Cut Grass | Leersia and Zizaniopsis spp.
Emergent | Native
Cut grass can grow along shorelines or as a floating mat in calm water. It can be problematic and is a pest in many agricultural settings.
The leaves are flat, thin, and sword-like. They are rough to the touch and have sharp edges. Stems are wire-like, often leaning, with hairy nodes where the leaves join the stem.
Flowers are located at the tip of the branch in clusters. Cut grass primarily reproduces via its creeping rhizomes, but it can reproduce by seed.
Cut grass is a native species that can be a valuable food source for ducks and other birds. Mats may provide some cover to aquatic species. However, due to its mat-forming characteristics, this species is not recommended for introduction into water bodies of any size.
Option 1: Glyphosate (5.4-pound formulation). For each gallon of water, mix 1.0 ounce glyphosate and 1.3 ounces nonionic surfactant. Spray to wet all plants. Do not exceed annual herbicide rate limits as stated on the product label.
Option 2: Penoxsulam (2.0-pound formulation). For each gallon of water, mix 0.1 ounce penoxsulam and 1.3 ounces nonionic surfactant. Spray to wet all plants. Do not exceed annual herbicide rate limits as stated on the product label.
Option 3: Bispyribac-sodium (80 percent active). For each gallon of water, mix 0.04 ounce bispyribac-sodium (by weight) and 1.3 ounces non-ionic surfactant. Spray to wet all plants. Do not exceed annual herbicide rate limits as stated on the product label.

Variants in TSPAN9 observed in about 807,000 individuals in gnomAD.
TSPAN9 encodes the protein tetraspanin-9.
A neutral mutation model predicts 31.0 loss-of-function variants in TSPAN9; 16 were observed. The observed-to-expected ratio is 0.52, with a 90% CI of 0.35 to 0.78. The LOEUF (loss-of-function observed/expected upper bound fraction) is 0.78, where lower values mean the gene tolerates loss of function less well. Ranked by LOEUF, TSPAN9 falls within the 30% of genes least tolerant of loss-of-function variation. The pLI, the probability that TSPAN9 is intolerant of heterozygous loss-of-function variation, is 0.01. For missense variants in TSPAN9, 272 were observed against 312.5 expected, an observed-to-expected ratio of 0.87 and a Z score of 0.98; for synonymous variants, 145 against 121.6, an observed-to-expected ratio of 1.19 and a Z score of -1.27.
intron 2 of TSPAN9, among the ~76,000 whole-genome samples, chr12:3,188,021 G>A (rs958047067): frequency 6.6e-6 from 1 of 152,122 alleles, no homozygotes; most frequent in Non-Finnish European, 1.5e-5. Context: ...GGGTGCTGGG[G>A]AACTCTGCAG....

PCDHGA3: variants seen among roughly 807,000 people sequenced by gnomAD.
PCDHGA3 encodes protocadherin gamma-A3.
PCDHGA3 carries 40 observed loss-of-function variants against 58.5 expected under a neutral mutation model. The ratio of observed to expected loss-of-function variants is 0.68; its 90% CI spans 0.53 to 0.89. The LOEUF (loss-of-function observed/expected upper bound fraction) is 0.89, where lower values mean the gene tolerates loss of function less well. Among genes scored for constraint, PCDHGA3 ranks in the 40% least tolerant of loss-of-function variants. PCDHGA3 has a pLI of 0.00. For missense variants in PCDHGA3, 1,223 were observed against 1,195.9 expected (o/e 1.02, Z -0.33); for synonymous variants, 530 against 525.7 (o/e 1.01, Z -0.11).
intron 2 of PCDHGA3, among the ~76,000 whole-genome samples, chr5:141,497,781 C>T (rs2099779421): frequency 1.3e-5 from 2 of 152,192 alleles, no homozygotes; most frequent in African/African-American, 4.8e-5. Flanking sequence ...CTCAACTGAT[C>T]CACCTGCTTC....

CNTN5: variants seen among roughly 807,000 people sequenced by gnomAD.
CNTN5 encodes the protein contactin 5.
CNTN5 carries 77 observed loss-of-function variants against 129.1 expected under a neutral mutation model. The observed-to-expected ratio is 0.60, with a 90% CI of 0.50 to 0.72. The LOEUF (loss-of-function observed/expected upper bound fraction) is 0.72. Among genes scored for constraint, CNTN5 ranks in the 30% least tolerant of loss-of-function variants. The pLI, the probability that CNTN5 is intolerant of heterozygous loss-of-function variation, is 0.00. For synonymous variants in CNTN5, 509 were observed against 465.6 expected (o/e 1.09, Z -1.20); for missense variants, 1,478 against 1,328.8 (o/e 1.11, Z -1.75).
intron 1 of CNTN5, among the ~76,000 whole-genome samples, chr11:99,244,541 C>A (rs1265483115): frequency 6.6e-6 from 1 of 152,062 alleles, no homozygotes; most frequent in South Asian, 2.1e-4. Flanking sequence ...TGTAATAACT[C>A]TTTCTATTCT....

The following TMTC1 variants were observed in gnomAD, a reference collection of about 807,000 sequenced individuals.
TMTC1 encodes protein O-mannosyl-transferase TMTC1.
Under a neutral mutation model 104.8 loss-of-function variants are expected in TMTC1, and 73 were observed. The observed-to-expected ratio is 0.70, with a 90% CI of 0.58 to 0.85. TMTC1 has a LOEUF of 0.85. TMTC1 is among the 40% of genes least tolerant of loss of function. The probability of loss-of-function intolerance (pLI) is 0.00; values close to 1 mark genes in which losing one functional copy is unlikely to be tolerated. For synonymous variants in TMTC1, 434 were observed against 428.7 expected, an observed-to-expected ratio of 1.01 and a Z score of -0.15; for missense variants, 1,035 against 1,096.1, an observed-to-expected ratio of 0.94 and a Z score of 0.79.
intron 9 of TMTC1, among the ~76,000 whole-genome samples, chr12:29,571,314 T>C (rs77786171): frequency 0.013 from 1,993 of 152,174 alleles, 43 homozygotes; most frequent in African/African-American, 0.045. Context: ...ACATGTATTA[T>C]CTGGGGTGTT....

Bispyribac-sodium is a powdered formulation that is measured by weight rather than volume. Multiple applications may be needed to achieve eradication.
Read and follow all chemical label instructions, especially the section on the use of personal protection equipment.
The information given here is for educational purposes only. References to commercial products, trade names, or suppliers are made with the understanding that no endorsement is implied and that no discrimination against other products or suppliers is intended.
Publication 3735-23 (POD-11-23)
By Wes Neal, PhD, Extension/Research Professor, Wildlife, Fisheries, and Aquaculture; Dennis Riecke, Fisheries Coordinator, Mississippi Department of Wildlife, Fisheries, and Parks; and Gray Turnage, PhD, Assistant Research/Extension Professor, GeoSystems Research Institute.
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